Eating less than your normal calorie requirements is generally the prime cause of weight loss, says Komal Jethmalani.
Dear readers, are you worried about your health as we battle COVID-19?
Concerned about what you and your family are eating as you cope with staying indoors?
Struggling with weight gain?
Or are you facing other heath issues like diabetes, blood pressure, joint pain or heart problems?
Please mail your questions to Nutritionist Komal Jethmalani for her advice.
I am WFH on laptop 8-10 hrs daily. I am 38 years old, 175 cm height, 74 kg weight, medium build.
Concern: Stiff belly fat gradually inching up since a few years.
Past issues: I had high uric acid issues (highest below 8) and certain back/neck problems. Am ok now with protein consumption control, 40 min targeted exercise 3-4 times a week and daily 2 km walk/jog.
My food intake is paratha+milk in morning usually, 3 chapatis with vegetable+curd/dal in lunch and 2 chapatis+veg in dinner with milk late night.
Please advise diet/exercise for a leaner body and flat tummy.
With WFH scenarios adding to a lack of physical activity, our metabolic rates are drastically reduced.
This increases the fat percentage in our body and gives that belly fat which we all unwillingly but gradually grow!
Muscle toning and weight exercises are ideal for reducing tummy fat.
A diet which is balanced, meets all nutrient requirements and focuses on low fat, low carb foods will work effectively for fat loss.
Include more foods containing fibre like green vegetables, lentils, fruits, whole grain cereals and have small frequent meals.
I am 35 years old.
I have not paid any specific attention to either my diet/nutrition or exercise till now.
I want to start and I want my wife, 30 years, and son, 10 years, to start too.
How would you suggest this family of beginners starts?
Glad to know that you have started your journey towards fitness.
It is never late to begin. But once you have decided, then remain focused.
The food we consume in an Indian setting is generally a family meal. So changes in dietary habits will affect all the family members.
Start with refraining from binge eating.
Avoid all high fat and sugar foods, fruit juices, alcohol, packaged foods etc.
Concentrate on incorporating healthy foods in the family diet like fruits and vegetables, whole grain cereals, lentils and healthy fats.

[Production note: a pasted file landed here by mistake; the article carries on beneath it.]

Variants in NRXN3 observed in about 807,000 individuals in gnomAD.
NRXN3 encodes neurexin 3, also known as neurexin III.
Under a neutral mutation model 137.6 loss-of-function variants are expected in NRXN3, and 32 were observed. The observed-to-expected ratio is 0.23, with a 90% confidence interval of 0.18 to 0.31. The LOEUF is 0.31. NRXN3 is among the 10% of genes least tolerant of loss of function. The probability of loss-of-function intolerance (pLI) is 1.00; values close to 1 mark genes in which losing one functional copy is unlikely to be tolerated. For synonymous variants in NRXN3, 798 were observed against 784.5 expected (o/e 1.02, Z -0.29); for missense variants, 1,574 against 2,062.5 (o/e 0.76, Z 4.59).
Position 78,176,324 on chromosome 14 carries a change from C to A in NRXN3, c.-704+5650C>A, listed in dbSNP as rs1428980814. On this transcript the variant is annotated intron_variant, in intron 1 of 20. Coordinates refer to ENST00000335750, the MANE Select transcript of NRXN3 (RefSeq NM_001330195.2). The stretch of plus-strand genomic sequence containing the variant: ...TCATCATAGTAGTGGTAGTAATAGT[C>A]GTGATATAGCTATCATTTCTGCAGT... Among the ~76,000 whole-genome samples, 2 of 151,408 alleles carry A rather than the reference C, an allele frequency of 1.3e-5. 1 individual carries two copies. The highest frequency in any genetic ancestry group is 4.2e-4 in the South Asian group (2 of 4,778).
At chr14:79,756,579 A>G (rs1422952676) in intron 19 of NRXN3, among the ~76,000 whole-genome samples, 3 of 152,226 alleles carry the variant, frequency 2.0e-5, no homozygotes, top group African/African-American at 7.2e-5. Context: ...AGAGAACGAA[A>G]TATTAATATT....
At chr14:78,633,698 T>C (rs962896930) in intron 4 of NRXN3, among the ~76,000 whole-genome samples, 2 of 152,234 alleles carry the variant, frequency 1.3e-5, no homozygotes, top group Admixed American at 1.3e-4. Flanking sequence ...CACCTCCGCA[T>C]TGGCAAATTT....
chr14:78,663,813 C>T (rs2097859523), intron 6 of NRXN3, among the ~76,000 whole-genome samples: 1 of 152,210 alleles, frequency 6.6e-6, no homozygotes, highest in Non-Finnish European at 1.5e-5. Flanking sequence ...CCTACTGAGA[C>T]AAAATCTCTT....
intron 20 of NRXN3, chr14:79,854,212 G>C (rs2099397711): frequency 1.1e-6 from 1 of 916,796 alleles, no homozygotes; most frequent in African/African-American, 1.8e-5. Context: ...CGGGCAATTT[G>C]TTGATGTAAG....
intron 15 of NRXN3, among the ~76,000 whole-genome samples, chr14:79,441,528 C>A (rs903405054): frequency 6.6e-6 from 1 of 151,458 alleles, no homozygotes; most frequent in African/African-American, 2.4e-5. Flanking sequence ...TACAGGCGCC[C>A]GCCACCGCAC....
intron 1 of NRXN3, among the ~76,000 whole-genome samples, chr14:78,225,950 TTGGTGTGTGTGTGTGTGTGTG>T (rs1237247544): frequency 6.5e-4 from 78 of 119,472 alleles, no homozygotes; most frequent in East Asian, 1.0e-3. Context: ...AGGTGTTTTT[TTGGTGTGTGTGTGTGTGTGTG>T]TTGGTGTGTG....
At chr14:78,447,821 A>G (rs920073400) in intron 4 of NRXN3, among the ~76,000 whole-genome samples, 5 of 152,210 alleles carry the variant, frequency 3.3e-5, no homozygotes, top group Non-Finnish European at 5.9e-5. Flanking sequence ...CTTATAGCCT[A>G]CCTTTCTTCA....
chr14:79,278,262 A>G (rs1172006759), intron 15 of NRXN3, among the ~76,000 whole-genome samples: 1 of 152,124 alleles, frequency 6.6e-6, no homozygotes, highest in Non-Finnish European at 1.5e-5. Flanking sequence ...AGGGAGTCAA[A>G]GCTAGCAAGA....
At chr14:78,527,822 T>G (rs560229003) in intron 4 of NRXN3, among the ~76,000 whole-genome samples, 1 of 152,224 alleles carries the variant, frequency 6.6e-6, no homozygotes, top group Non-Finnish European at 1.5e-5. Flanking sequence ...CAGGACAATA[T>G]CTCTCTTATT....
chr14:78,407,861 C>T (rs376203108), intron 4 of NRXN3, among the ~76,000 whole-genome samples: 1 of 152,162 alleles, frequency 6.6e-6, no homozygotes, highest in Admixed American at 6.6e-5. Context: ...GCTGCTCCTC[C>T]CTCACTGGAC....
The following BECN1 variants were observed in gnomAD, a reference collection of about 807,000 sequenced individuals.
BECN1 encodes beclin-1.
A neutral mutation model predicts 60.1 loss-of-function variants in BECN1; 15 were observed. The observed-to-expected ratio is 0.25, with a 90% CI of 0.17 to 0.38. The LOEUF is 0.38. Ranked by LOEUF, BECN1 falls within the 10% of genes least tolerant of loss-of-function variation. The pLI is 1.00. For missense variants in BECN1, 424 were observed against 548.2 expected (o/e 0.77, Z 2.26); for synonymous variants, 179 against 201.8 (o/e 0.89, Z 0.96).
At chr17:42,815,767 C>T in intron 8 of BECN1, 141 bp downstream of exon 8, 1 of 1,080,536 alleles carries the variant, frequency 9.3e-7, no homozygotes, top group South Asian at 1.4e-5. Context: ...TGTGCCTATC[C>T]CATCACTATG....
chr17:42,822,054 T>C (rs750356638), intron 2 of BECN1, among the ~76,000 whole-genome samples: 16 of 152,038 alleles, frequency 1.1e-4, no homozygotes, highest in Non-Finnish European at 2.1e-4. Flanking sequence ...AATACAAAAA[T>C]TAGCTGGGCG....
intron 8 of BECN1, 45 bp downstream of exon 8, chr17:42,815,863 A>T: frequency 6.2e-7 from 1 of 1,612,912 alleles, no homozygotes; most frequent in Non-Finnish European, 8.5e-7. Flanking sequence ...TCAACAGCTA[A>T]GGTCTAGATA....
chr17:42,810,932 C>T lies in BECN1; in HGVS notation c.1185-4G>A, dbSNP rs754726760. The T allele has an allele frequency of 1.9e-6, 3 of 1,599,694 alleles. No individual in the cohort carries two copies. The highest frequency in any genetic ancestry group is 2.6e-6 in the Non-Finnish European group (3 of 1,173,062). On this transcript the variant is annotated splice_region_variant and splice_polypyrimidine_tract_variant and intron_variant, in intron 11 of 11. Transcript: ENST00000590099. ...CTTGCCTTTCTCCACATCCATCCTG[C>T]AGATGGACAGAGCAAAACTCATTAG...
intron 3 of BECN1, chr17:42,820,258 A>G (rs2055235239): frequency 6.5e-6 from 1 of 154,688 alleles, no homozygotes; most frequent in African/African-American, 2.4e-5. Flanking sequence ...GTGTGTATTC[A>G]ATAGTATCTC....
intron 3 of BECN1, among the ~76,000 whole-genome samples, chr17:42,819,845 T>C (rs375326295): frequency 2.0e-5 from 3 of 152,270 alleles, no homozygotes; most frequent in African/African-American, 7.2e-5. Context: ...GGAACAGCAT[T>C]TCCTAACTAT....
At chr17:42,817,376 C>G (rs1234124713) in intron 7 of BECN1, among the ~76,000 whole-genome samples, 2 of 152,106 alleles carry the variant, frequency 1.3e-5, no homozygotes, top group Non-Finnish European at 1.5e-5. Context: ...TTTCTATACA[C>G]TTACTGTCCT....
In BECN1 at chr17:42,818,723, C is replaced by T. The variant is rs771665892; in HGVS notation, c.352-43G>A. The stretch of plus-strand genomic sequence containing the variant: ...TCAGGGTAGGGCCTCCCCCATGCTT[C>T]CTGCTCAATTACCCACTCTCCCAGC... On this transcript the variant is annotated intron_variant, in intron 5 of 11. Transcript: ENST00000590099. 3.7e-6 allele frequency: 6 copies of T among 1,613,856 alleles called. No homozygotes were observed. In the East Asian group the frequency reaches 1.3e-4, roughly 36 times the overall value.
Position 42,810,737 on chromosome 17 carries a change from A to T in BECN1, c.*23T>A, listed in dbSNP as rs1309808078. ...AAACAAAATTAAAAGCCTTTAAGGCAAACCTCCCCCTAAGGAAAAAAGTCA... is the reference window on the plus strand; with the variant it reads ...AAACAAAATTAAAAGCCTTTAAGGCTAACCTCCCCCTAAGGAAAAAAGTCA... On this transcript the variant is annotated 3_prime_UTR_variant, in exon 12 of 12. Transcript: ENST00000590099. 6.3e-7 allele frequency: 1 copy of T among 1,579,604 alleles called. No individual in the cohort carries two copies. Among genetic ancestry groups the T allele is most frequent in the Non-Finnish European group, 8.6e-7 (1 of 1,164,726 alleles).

In addition, increase physical activities.
Go for walks/jogging or any sports activities.
You can do some stretch or strengthening exercises as well.
I am worried about my 20 years old son.
He used to be overweight but after the lockdown he has lost lot of weight.
He has reduced eating and is exercising.
I was happy to see him become fit but now I am afraid he is being too extreme and has become bony.
He does not want to see a doctor.
How can I help him?
Eating less than your normal calorie requirements and being deficient in macro nutrients is generally the prime cause of weight loss.
Your son probably needs counselling about the nutrient requirements for good health and appearance myths.
Get his physical examination done as well.
I suggest that you get him involved in family discussions on the same issue and consult his friends about any other reason for this attitude.
He needs to build his muscle mass and lose fat percentage.
Muscles can only develop if they are given sufficient fuel.
Educate him on the ethics of fitness.
Both my parents are heart patients.
My father, who is 80 years old, had heart surgery last year.
My mother, who is 76, had angioplasty in January.
They live with me.
How can I best take care of them? Both are stubborn about the traditional oily cooking.
‘Old is Gold’ is a very famous adage which I believe in!
Older generations had a good sense of healthy cooking.
They generally cooked in ghee, which is a healthy fat containing saturated fatty acids.
But ghee must be consumed in small quantities.
There is nothing wrong with their cooking habits and beliefs. It is just that they find it difficult to adapt to the current trends at times.
You need to incorporate changes in their lifestyle in a subtle manner.
Make their food in healthy although minimal fat.
Give them lots of fruits and vegetables, dal and whole grain cereals which they are fond of.
Small frequent feeds, good water intake, proper sleep are all requisites of a healthy lifestyle.
Take them for a short walk and keep them happy!
I am 32 and I have diabetes.
I am 5.5 feet tall and 75 kilos.
I love sweets and can’t live without eating something sweet twice a day.
How can I eat sweets and still take care of my health?
Diabetes means control over simple carbohydrates which is primarily sugar.
You must understand that if carbs intake is not in control, your blood sugar levels will shoot up and can cause severe complications.
If you must have sweets, have healthy sugars from dates, fruits, jaggery, dry fruits, nuts, etc, but in small portion sizes.
Exercise regularly and boost your metabolism with a balanced diet having good fibre and complex carb content.
Sleep well and be focused on improving your health.
Komal Jethamalani is a dietician with over 25 years of experience in food, nutrition and dietetics, with an MSc in food science and nutrition.
She is a certified diabetes educator and lifestyle coach, specialising in diabetic, cardiovascular, weight loss and various therapeutic diets.
And she will try and help you achieve your dietary and fitness goals through healthy lifestyle changes.
Do share your complete health details including age, weight, height and health issues if any.
Write to firstname.lastname@example.org (Subject: Ask Komal), along with your name. You are most welcome to share your photograph as well.
This column is an advisory. Please do consult your doctor as well.
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